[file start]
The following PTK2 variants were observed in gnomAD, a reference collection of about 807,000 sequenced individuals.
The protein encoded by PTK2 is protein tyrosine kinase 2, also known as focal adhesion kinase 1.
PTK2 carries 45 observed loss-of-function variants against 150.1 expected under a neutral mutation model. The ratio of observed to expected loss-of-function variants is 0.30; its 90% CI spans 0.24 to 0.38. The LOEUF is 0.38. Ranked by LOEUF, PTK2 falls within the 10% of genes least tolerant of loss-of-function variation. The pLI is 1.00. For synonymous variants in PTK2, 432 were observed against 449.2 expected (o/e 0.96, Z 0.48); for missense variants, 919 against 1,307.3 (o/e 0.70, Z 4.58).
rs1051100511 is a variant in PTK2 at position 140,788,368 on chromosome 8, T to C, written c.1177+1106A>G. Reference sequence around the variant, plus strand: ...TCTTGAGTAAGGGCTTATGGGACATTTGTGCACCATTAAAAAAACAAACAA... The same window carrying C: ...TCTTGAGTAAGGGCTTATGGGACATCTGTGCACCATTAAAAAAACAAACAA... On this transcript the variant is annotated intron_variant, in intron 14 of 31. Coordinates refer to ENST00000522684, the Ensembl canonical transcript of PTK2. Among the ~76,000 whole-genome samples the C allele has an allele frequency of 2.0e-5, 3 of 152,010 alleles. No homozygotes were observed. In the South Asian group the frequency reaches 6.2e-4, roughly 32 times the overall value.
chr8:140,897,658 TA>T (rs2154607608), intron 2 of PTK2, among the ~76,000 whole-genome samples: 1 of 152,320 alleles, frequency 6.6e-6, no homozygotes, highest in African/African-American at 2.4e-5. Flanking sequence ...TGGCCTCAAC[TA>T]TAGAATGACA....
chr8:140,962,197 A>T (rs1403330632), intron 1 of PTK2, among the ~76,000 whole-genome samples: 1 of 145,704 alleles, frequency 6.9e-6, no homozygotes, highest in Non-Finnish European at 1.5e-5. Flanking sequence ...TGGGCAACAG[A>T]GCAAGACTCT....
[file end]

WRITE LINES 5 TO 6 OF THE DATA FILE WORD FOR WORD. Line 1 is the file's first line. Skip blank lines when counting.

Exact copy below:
chr8:140,897,658 TA>T (rs2154607608), intron 2 of PTK2, among the ~76,000 whole-genome samples: 1 of 152,320 alleles, frequency 6.6e-6, no homozygotes, highest in African/African-American at 2.4e-5. Flanking sequence ...TGGCCTCAAC[TA>T]TAGAATGACA....
chr8:140,962,197 A>T (rs1403330632), intron 1 of PTK2, among the ~76,000 whole-genome samples: 1 of 145,704 alleles, frequency 6.9e-6, no homozygotes, highest in Non-Finnish European at 1.5e-5. Flanking sequence ...TGGGCAACAG[A>T]GCAAGACTCT....